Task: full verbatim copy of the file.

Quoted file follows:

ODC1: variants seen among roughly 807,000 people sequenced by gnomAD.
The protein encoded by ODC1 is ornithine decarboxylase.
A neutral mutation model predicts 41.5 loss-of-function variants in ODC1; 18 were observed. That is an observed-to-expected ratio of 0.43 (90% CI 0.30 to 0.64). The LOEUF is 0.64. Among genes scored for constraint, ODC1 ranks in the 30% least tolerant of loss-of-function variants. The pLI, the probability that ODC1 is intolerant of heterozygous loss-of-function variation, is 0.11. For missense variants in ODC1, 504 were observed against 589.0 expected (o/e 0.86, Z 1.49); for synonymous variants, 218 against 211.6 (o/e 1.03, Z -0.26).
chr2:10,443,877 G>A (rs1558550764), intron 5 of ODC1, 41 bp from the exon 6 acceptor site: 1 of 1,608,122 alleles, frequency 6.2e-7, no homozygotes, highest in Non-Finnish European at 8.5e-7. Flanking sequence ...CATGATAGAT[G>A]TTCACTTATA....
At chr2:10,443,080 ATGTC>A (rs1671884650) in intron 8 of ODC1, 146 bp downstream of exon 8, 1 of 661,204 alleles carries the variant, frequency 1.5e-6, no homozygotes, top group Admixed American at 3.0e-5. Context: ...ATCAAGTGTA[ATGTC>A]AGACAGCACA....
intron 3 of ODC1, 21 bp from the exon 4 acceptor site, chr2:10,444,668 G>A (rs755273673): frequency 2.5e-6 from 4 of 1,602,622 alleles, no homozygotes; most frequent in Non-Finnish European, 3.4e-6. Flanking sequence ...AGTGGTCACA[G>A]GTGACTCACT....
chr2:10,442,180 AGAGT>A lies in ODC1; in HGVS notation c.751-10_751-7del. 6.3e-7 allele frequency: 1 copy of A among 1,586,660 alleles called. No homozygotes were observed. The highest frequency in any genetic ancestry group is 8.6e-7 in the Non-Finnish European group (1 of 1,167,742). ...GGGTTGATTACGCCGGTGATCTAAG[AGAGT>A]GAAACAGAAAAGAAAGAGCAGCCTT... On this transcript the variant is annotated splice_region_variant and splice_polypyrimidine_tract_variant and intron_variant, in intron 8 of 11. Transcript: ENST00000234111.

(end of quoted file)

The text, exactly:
ODC1: variants seen among roughly 807,000 people sequenced by gnomAD.
The protein encoded by ODC1 is ornithine decarboxylase.
A neutral mutation model predicts 41.5 loss-of-function variants in ODC1; 18 were observed. That is an observed-to-expected ratio of 0.43 (90% CI 0.30 to 0.64). The LOEUF is 0.64. Among genes scored for constraint, ODC1 ranks in the 30% least tolerant of loss-of-function variants. The pLI, the probability that ODC1 is intolerant of heterozygous loss-of-function variation, is 0.11. For missense variants in ODC1, 504 were observed against 589.0 expected (o/e 0.86, Z 1.49); for synonymous variants, 218 against 211.6 (o/e 1.03, Z -0.26).
chr2:10,443,877 G>A (rs1558550764), intron 5 of ODC1, 41 bp from the exon 6 acceptor site: 1 of 1,608,122 alleles, frequency 6.2e-7, no homozygotes, highest in Non-Finnish European at 8.5e-7. Flanking sequence ...CATGATAGAT[G>A]TTCACTTATA....
At chr2:10,443,080 ATGTC>A (rs1671884650) in intron 8 of ODC1, 146 bp downstream of exon 8, 1 of 661,204 alleles carries the variant, frequency 1.5e-6, no homozygotes, top group Admixed American at 3.0e-5. Context: ...ATCAAGTGTA[ATGTC>A]AGACAGCACA....
intron 3 of ODC1, 21 bp from the exon 4 acceptor site, chr2:10,444,668 G>A (rs755273673): frequency 2.5e-6 from 4 of 1,602,622 alleles, no homozygotes; most frequent in Non-Finnish European, 3.4e-6. Flanking sequence ...AGTGGTCACA[G>A]GTGACTCACT....
chr2:10,442,180 AGAGT>A lies in ODC1; in HGVS notation c.751-10_751-7del. 6.3e-7 allele frequency: 1 copy of A among 1,586,660 alleles called. No homozygotes were observed. The highest frequency in any genetic ancestry group is 8.6e-7 in the Non-Finnish European group (1 of 1,167,742). ...GGGTTGATTACGCCGGTGATCTAAG[AGAGT>A]GAAACAGAAAAGAAAGAGCAGCCTT... On this transcript the variant is annotated splice_region_variant and splice_polypyrimidine_tract_variant and intron_variant, in intron 8 of 11. Transcript: ENST00000234111.